Ideally in watercolor you leave the white of the paper for anything white in a watercolor painting. However, from time to time you may need to add a little white accent here and there, a little white flower, a bit of white splatter to add texture. Sometimes, it's impossible to leave the white of the paper and you need a touch of white paint.
In most brands of watercolor paint, chinese white isn't really opaque even though it may say opaque on the label. It is more like semi-opaque. A better choice would be either white gouache which comes in a tube just like watercolor paint or Dr. Martin's Bleed Proof White which comes in a jar and is a liquid opaque watercolor paint. Gouache is pronounced "gwash," it is an opaque watercolor that has a flat finish when dry.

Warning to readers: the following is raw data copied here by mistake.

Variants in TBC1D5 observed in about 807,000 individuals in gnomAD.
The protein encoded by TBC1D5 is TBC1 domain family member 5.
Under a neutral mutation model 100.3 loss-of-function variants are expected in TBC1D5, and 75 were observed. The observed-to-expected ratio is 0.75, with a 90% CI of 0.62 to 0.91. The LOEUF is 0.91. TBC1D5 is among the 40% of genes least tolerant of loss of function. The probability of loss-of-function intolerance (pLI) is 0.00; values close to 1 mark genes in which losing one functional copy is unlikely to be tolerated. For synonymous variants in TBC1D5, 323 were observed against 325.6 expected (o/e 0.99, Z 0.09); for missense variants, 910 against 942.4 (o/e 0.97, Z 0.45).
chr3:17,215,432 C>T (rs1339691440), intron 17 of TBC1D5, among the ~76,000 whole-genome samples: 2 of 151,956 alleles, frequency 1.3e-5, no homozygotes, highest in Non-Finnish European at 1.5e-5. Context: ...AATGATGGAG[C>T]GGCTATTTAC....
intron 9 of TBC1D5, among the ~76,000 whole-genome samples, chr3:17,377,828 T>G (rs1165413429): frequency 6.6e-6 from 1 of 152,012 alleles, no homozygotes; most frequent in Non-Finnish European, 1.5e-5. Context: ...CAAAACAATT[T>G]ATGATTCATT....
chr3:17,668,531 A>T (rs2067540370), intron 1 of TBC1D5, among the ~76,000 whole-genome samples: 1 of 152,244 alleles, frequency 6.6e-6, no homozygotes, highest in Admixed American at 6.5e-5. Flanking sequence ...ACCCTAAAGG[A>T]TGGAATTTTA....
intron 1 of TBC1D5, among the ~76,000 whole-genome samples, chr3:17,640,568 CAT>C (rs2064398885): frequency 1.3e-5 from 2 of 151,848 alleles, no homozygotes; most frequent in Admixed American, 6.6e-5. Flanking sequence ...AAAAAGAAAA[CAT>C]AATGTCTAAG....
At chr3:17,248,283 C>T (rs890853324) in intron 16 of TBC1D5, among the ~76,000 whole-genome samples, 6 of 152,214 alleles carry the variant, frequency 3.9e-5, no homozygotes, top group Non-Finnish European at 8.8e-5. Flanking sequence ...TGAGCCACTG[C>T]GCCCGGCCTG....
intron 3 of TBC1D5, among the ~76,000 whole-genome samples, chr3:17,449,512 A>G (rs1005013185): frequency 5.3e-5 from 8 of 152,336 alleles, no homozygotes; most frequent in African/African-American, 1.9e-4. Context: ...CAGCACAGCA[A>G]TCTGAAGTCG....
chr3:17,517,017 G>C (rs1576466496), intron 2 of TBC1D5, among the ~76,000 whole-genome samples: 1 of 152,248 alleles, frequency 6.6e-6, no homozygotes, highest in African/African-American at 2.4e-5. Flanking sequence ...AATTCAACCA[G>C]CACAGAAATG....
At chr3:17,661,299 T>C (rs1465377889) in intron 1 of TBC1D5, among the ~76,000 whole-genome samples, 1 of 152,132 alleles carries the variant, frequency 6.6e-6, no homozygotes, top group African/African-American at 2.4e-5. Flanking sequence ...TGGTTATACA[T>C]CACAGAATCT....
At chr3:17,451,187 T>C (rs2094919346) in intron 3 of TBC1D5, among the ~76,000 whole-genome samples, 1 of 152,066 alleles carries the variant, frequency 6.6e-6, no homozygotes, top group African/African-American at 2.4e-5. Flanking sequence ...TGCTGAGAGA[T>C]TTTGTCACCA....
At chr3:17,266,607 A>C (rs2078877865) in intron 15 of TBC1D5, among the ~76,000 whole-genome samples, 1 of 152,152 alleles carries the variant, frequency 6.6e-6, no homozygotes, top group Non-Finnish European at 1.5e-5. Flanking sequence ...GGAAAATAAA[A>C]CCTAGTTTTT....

On my chart to the right, I painted a swash of chinese white, two different brands of gouache and bleed proof white both in the left column directly on the paper and in the right column over top of a dried swatch of brown madder paint. You can see how two coats of chinese white still shows up as semi-opaque.
For those little touches and sparkles of white, I would recommend using titanium white gouache. Leave it in the tube and put a tiny little dab on your palette when you're ready to use it. Mix in a little water to smooth the consistency. It should also be the last thing you add to a watercolor painting. The only thing you should add to a painting after the white gouache is your signature!